Tβ4 was down-regulated in H2O2-exposed PDLCs in dose- and time-dependent manners. Tβ4 activation with a Tβ4 peptide attenuated the H2O2-induced production of NO and PGE2 and up-regulated iNOS, COX-2, and osteoclastogenic cytokines (TNF-α, IL-1β, IL-6, IL-8, and IL-17) as well as reversed the effect on RANKL and OPG in PDLCs. Tβ4 peptide inhibited the effects of H2O2 on the activation of ERK and JNK MAPK, and NF-κB in PDLCs. Furthermore, Tβ4 peptide inhibited osteoclast differentiation, osteoclast-specific gene expression, and p38, ERK, and JNK phosphorylation and NF-κB activation in RANKL-stimulated BMMs. In addition, H2O2 up-regulated Wnt5a and its cell surface receptors, Frizzled and Ror2 in PDLCs. Wnt5a inhibition by Wnt5a siRNA enhanced the effects of Tβ4 on H2O2-mediated induction of pro-inflammatory cytokines and osteoclastogenic cytokines as well as helping osteoclastic differentiation whereas Wnt5a activation by Wnt5a peptide reversed it.
An interesting concept that has emerged from initial findings is that regeneration and fibrosis are competing events in the vertebrate heart. That is, if there is a capacity for injury-stimulated cardiomyocyte hyperplasia beyond a certain threshold, regenerative mechanisms will overcome scarring. Results consistent with this idea came from experiments with zebrafish possessing a ts mutation in the cell-cycle checkpoint kinase Mps1 (Poss et al., 2002b). As mentioned earlier, mps1 mutants were initially identified based on their defects in caudal fin regeneration. Serendipitously, mps1 mutants also showed defects in cardiac regeneration at a temperature restrictive for the mutation (Poss et al., 2002b). Instead of regenerating muscle in response to ventricular resection injury, mps1 mutants repaired wounds by forming large, collagen-rich scars. Inhibition of Fgf signaling also stunts cardiac regeneration and causes scarring (Lepilina et al., 2006). These results indicate that even vertebrates with high cardiac regenerative capacity have a default scarring mechanism; normally, regeneration somehow restricts this pathway (Fig. 8). The implication is exciting; perhaps by stimulating regeneration in a poorly-regenerative system like the mammalian heart, scarring events characteristic of myocardial infarction would be restricted by new muscle formation. Similarly, deterring cardiac scarring mechanisms would perhaps favor regeneration in mammals.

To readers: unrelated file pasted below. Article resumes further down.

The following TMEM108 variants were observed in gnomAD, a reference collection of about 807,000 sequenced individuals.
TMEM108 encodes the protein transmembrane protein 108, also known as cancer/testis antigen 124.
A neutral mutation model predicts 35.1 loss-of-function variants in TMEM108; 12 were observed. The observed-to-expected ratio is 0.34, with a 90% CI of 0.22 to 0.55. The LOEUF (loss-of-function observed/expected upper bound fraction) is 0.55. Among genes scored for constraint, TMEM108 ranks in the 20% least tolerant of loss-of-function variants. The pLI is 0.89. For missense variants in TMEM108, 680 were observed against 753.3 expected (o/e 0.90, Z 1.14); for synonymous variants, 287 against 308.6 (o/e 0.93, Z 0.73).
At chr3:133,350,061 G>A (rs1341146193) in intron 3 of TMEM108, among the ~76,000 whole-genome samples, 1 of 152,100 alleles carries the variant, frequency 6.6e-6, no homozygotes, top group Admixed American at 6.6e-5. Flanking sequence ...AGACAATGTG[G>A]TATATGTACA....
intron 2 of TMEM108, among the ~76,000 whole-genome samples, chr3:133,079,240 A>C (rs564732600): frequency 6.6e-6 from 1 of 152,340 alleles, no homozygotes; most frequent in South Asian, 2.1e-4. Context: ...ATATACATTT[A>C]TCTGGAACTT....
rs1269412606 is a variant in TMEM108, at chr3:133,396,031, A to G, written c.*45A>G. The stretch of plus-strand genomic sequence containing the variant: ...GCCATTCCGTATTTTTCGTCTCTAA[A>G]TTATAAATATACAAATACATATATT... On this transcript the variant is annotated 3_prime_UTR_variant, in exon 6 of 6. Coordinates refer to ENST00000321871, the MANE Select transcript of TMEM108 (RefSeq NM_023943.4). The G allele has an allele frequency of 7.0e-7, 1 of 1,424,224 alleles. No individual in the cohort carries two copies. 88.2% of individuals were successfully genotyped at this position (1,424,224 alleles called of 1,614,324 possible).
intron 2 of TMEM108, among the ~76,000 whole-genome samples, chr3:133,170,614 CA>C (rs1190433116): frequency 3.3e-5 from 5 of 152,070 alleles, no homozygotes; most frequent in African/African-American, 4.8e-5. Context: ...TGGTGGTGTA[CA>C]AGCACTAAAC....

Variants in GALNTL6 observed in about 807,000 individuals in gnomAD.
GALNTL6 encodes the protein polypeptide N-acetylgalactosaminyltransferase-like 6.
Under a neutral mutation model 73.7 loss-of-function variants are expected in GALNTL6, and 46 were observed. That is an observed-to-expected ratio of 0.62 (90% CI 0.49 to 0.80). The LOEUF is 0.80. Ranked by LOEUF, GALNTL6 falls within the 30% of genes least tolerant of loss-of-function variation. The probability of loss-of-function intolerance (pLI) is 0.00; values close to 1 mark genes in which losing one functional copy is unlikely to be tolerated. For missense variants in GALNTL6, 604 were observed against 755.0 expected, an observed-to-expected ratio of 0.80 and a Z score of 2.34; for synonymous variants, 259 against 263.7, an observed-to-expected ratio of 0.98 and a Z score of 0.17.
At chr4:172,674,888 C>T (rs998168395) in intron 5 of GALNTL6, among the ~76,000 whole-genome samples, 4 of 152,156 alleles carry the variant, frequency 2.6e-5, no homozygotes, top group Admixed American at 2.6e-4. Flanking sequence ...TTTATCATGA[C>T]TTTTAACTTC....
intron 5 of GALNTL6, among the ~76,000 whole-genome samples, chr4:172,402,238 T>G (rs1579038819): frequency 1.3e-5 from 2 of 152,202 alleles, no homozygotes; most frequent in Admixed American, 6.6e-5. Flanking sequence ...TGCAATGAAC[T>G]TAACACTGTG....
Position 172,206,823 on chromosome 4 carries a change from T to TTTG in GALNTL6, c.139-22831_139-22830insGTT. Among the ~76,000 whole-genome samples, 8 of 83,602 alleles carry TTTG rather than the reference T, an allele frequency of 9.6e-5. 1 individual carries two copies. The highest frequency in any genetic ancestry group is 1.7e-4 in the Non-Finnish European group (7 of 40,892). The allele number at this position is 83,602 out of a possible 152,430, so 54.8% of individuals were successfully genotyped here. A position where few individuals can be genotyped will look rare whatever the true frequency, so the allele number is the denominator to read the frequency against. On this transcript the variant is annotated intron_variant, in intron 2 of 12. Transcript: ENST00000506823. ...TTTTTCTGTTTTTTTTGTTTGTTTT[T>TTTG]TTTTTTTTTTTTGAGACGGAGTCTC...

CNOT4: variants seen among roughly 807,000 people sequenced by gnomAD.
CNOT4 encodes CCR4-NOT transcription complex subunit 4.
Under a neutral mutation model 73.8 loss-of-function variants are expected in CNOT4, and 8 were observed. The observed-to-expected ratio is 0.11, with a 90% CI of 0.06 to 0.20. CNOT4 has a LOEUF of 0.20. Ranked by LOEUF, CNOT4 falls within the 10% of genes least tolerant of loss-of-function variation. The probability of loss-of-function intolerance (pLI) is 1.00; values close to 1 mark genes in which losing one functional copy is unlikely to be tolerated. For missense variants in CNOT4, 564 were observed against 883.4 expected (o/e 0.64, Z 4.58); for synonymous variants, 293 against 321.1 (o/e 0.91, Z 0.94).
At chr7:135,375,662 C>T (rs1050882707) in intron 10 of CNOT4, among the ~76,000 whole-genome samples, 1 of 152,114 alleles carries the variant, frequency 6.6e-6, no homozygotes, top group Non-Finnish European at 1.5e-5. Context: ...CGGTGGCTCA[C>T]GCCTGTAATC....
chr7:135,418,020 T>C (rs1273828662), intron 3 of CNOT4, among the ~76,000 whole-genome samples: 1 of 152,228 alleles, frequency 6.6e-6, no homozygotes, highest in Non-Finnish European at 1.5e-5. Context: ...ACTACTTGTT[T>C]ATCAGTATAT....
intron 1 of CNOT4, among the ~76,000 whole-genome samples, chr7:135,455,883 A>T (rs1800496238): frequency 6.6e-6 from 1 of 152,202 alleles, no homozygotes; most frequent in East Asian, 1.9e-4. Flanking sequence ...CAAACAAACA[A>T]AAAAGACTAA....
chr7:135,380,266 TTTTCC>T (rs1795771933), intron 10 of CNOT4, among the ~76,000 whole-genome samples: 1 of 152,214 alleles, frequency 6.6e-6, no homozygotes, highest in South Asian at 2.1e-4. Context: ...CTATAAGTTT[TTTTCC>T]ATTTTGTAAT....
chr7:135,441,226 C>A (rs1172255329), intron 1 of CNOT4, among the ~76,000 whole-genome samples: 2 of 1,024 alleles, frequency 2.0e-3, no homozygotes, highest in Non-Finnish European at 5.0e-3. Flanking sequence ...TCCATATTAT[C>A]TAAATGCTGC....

That view has led some clinicians to try oxytocin as a treatment for psychiatric conditions such as autism spectrum disorder. But the early trials have had mixed results, and scientists are now seeking a deeper understanding of oxytocin and how it works in the brain. Researchers such as Froemke are showing that the hormone boosts neuronal signals in a way that could accentuate socially relevant input such as distress calls or possibly facial expressions. And clinical researchers are starting a wave of more ambitious trials to test whether oxytocin can help some types of autism.

The hormone does not act alone. In 2013, neuroscientist Robert Malenka at Stanford University in California and his colleagues showed that oxytocin works together with the neurotransmitter serotonin to reduce the excitability of neurons in the nucleus accumbens9, a brain region involved in reward. This process seems to support the preference of mice to return to environments where they had rewarding social interactions with other animals. “Oxytocin is part of a system,” Carter says, “and it's not the only molecule that matters, but it's one that in some way is regulatory over a large number of other systems.”
Like I said, it’s amazing stuff. And it shouldn’t come as a surprise that it affects that amazing part of your brain so intimately involved in keeping you safe…the amygdala. Remember, trust has a lot to do with survival among social animals who depend on each other for safety and protection. Show someone an untrustworthy face, and the amygdala is one of two areas that become more active than anywhere else in the brain.7 It is apparently programmed for reading trust just as it is for snakes or spiders.